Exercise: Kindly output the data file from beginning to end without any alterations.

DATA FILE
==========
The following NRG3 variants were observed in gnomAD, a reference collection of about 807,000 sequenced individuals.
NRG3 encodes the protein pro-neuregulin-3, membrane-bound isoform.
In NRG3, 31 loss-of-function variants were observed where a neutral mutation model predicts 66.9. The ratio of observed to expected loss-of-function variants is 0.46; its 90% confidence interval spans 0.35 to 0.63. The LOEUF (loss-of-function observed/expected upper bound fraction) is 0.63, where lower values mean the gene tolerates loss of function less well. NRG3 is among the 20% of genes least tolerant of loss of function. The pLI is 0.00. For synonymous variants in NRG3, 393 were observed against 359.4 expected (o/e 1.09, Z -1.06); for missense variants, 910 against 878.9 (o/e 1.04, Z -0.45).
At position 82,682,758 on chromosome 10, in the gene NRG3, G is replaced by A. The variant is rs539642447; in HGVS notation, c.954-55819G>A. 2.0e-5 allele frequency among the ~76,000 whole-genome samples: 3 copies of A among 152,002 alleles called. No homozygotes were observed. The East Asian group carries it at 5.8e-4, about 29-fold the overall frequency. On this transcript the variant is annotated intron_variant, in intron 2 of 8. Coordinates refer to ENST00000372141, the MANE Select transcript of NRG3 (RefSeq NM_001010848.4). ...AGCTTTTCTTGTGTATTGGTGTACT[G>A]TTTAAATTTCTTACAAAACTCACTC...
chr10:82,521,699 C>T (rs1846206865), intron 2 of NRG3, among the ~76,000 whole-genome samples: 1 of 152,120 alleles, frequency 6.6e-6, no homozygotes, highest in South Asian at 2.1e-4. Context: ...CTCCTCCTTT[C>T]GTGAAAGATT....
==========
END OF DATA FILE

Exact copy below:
The following NRG3 variants were observed in gnomAD, a reference collection of about 807,000 sequenced individuals.
NRG3 encodes the protein pro-neuregulin-3, membrane-bound isoform.
In NRG3, 31 loss-of-function variants were observed where a neutral mutation model predicts 66.9. The ratio of observed to expected loss-of-function variants is 0.46; its 90% confidence interval spans 0.35 to 0.63. The LOEUF (loss-of-function observed/expected upper bound fraction) is 0.63, where lower values mean the gene tolerates loss of function less well. NRG3 is among the 20% of genes least tolerant of loss of function. The pLI is 0.00. For synonymous variants in NRG3, 393 were observed against 359.4 expected (o/e 1.09, Z -1.06); for missense variants, 910 against 878.9 (o/e 1.04, Z -0.45).
At position 82,682,758 on chromosome 10, in the gene NRG3, G is replaced by A. The variant is rs539642447; in HGVS notation, c.954-55819G>A. 2.0e-5 allele frequency among the ~76,000 whole-genome samples: 3 copies of A among 152,002 alleles called. No homozygotes were observed. The East Asian group carries it at 5.8e-4, about 29-fold the overall frequency. On this transcript the variant is annotated intron_variant, in intron 2 of 8. Coordinates refer to ENST00000372141, the MANE Select transcript of NRG3 (RefSeq NM_001010848.4). ...AGCTTTTCTTGTGTATTGGTGTACT[G>A]TTTAAATTTCTTACAAAACTCACTC...
chr10:82,521,699 C>T (rs1846206865), intron 2 of NRG3, among the ~76,000 whole-genome samples: 1 of 152,120 alleles, frequency 6.6e-6, no homozygotes, highest in South Asian at 2.1e-4. Context: ...CTCCTCCTTT[C>T]GTGAAAGATT....